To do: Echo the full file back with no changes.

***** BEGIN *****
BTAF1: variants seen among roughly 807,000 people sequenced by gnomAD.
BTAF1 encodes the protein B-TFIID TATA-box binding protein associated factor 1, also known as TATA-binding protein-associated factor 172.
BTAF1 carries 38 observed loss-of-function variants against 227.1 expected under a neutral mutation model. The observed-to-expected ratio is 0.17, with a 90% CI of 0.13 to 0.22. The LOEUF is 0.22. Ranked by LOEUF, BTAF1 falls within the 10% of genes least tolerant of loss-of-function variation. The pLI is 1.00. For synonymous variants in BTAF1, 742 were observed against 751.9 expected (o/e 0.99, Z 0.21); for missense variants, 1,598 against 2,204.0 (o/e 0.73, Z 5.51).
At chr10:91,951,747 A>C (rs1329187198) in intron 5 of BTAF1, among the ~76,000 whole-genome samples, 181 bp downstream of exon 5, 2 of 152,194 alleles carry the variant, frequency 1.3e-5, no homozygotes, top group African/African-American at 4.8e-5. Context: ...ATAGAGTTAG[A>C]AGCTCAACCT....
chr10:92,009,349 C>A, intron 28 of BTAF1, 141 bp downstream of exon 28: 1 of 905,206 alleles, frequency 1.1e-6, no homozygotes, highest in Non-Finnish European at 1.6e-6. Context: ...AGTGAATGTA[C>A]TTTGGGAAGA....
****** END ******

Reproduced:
BTAF1: variants seen among roughly 807,000 people sequenced by gnomAD.
BTAF1 encodes the protein B-TFIID TATA-box binding protein associated factor 1, also known as TATA-binding protein-associated factor 172.
BTAF1 carries 38 observed loss-of-function variants against 227.1 expected under a neutral mutation model. The observed-to-expected ratio is 0.17, with a 90% CI of 0.13 to 0.22. The LOEUF is 0.22. Ranked by LOEUF, BTAF1 falls within the 10% of genes least tolerant of loss-of-function variation. The pLI is 1.00. For synonymous variants in BTAF1, 742 were observed against 751.9 expected (o/e 0.99, Z 0.21); for missense variants, 1,598 against 2,204.0 (o/e 0.73, Z 5.51).
At chr10:91,951,747 A>C (rs1329187198) in intron 5 of BTAF1, among the ~76,000 whole-genome samples, 181 bp downstream of exon 5, 2 of 152,194 alleles carry the variant, frequency 1.3e-5, no homozygotes, top group African/African-American at 4.8e-5. Context: ...ATAGAGTTAG[A>C]AGCTCAACCT....
chr10:92,009,349 C>A, intron 28 of BTAF1, 141 bp downstream of exon 28: 1 of 905,206 alleles, frequency 1.1e-6, no homozygotes, highest in Non-Finnish European at 1.6e-6. Context: ...AGTGAATGTA[C>A]TTTGGGAAGA....